Washington Post Staff Writer
Thursday, April 14, 2005; Page D01
ST. PETERSBURG, Fla., April 13 -- He had come in and apologized to his teammates for comments in a newspaper article that cast him as a malcontent, but the only true way to get back their confidence was to start pitching well. When Baltimore Orioles reliever Steve Kline took the mound in the sixth inning of Wednesday's 5-1 win against the Tampa Bay Devil Rays, he was not only pitching to keep the game in hand, but also to win back his teammates. Kline's off-speed pitch that landed in the catcher Geronimo Gil's mitt as Aubrey Huff swung and missed for the third strike, was a huge step in restoring his credibility in the clubhouse.
"That's what he's paid to do," Baltimore Manager Lee Mazzilli said. "To do the job and do what he did in a tough situation. It just shows you all the distractions out there and he still has to go out and perform. I don't expect any less of him."
Miguel Tejada heads for first base after hitting a two-run double in the seventh, when the Orioles scored four runs. They had five hits in the inning.
(Chris O'meara -- AP)
• It will be tough for the Orioles- Nationals matchup to join the ranks of great baseball rivalries. • A closer look at the Nationals' rivals in the NL East. • Thomas Boswell: The old rivalry between Washington and Baltimore should not take long to heat up. • The Red Sox-Yankees rivalry is the best in sports and only figures to get more intense this season. • A timeline of the Red Sox and Yankees' shared history. • Many teams have laid claim to being the top rival of the Yankees. • Started in New York City and continued in California, the Giants- Dodgers rivalry is one for the ages. • Baseball Preview Section
Kline ran into the dugout after stopping the two-out, two-runner rally in a tie game. His teammates put out their hands and congratulated Kline. He had lost two games last week, each by allowing a three-run home run. On Wednesday, he pitched to just one batter and was credited with his first win.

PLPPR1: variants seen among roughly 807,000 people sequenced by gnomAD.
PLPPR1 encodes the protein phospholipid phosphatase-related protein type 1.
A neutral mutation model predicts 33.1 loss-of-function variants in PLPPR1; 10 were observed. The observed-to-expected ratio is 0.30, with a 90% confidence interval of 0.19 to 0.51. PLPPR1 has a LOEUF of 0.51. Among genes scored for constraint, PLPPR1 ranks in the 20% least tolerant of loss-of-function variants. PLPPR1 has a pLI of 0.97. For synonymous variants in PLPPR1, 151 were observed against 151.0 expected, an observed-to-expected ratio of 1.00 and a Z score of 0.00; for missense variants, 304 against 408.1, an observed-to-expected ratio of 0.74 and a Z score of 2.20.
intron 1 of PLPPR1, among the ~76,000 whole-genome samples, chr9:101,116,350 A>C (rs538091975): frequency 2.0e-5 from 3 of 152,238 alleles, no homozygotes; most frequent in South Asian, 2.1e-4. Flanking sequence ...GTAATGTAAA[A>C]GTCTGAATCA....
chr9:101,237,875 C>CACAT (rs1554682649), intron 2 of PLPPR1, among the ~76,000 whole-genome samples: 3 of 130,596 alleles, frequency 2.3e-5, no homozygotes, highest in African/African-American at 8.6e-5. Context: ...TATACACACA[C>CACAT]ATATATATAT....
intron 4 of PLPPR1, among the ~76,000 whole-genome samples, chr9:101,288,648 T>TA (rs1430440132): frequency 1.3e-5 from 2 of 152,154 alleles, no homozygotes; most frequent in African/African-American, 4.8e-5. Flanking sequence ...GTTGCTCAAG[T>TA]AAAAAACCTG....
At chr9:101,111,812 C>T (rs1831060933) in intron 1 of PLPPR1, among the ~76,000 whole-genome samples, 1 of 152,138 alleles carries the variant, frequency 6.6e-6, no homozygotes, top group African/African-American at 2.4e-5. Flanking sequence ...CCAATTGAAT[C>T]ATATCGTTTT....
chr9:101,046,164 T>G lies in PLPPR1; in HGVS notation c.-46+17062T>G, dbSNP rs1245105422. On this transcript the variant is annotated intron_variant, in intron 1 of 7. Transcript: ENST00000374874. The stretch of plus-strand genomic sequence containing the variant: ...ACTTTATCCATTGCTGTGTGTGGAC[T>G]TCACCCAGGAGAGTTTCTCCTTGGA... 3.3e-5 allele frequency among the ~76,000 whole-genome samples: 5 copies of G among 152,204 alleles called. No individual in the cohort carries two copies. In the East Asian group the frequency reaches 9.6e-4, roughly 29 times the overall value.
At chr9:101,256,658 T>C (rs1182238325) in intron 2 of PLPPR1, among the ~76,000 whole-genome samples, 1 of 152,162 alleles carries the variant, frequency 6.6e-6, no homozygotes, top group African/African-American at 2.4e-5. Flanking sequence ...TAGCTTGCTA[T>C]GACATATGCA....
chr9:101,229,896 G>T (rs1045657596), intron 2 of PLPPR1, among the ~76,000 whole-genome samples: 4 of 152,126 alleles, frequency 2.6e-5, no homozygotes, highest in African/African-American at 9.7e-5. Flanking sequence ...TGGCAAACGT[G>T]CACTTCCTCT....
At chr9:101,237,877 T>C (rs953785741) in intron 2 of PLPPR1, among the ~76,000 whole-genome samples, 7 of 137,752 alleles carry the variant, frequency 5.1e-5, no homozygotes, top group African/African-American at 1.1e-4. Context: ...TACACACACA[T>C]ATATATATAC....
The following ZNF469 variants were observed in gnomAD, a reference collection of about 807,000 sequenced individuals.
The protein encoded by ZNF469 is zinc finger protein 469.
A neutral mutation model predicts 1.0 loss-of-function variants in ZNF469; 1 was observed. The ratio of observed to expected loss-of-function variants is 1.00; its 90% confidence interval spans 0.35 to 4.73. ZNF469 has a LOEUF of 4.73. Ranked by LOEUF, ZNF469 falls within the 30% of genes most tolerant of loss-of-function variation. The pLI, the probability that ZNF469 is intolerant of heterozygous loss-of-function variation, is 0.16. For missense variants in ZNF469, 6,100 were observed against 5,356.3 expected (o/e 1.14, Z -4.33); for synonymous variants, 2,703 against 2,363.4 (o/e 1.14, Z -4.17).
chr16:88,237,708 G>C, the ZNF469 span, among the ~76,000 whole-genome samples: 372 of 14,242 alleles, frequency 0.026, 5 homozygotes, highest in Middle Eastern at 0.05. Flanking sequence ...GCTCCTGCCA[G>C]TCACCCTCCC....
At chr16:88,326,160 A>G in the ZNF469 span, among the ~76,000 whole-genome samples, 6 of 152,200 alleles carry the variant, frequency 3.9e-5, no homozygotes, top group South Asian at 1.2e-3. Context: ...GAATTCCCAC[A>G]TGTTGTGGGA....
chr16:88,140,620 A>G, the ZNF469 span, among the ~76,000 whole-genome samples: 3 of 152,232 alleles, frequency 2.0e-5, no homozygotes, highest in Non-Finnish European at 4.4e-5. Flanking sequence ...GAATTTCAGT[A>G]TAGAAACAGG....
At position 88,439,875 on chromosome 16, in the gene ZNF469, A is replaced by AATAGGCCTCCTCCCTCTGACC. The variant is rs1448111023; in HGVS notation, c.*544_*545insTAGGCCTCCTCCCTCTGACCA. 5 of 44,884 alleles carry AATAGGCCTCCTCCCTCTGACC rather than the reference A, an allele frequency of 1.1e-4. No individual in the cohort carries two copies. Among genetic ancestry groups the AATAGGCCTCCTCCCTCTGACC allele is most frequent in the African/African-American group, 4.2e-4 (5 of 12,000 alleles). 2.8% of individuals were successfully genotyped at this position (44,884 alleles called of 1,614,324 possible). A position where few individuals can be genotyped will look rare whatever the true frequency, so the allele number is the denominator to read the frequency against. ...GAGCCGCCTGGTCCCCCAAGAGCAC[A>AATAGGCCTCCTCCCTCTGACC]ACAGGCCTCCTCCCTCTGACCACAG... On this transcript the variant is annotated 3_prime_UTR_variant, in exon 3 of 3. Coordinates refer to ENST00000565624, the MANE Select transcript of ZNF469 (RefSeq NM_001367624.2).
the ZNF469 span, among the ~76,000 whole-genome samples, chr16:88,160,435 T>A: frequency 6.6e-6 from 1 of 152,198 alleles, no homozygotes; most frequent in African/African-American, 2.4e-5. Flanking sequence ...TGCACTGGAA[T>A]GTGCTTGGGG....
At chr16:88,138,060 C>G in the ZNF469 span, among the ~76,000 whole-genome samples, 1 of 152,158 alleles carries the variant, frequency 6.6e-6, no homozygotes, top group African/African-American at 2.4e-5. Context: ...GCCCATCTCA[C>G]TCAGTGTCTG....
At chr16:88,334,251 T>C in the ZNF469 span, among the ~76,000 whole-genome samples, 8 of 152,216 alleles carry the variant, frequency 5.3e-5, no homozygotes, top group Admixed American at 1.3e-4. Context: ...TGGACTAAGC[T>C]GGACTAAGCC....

"I figure if I screw it up now, they might as well shoot me," Kline said. "That's what this is supposed to be about: team. You see how good we can be. I feel guilty for screwing up the two games. They know I'm out there trying for them."
Orioles starter Erik Bedard did not pitch as well as he had in his season debut, but salvaged the outing by getting out of trouble. He had runners on in all five of the innings he pitched, but only one scored.
"I just didn't have the control I usually have," he said. "I couldn't stay back for whatever reason."
In Bedard's first start (seven innings, one run), the Orioles managed one run against the Oakland Athletics. This game, Baltimore had not scored by the time Bedard threw his last pitch in the fifth inning.
"In a way I wish we could score some runs for him," Mazzilli said. "He's pitched a couple of good games."
In facing Tampa Bay starter Mark Hendrickson, the Orioles put out the same lineup used against New York Yankees ace Randy Johnson. The two pitchers are similar in appearance -- both are taller than 6 feet 9 -- and throw from the left side but are vastly different in abilities.
Hendrickson has had more career appearances (13), pitched more innings (73 1/3) and won more games (four) against the Orioles than against any other team. Baltimore had a runner on third base twice in the first five innings, but couldn't score. The leadoff man reached base in four of the first six innings, but did not score. Three times the Orioles hit into double plays against Hendrickson. They finally struck with a solo home run in the sixth inning by Javy Lopez, his first of the year. Baltimore scored four runs in the seventh -- three of them charged to Hendrickson -- to take the lead.
In 2004 the Orioles hit just .253 against left-handed pitching. Entering Wednesday's game, they were hitting .306 against lefties. The Orioles have pounded left-handed starters. They scored four runs in six innings against Oakland ace Barry Zito and Johnson and tagged Devil Rays young lefty Scott Kazmir for four runs in five innings. Against Hendrickson they didn't seem to have a clue for the first six innings. Eventually Hendrickson's line read like all the rest: 6 1/3 innings, four runs. "Toward the end I started breaking down," Hendrickson said. "I got a little tired and my mechanics got away from me."
The game was tied heading into the bottom of the sixth. Reliever Steve Reed had retired the first two batters but allowed a triple to Tampa Bay's Carl Crawford. Reed walked Julio Lugo, bringing up the lefty Huff. Naturally, Mazzilli called on Kline, the southpaw specialist who was signed to a two-year, $5.5 million deal this offseason for exactly that type of situation. Huff worked the count full against Kline.
The lefty finished the at-bat with a 83 mph slider. This time, Kline helped save the game.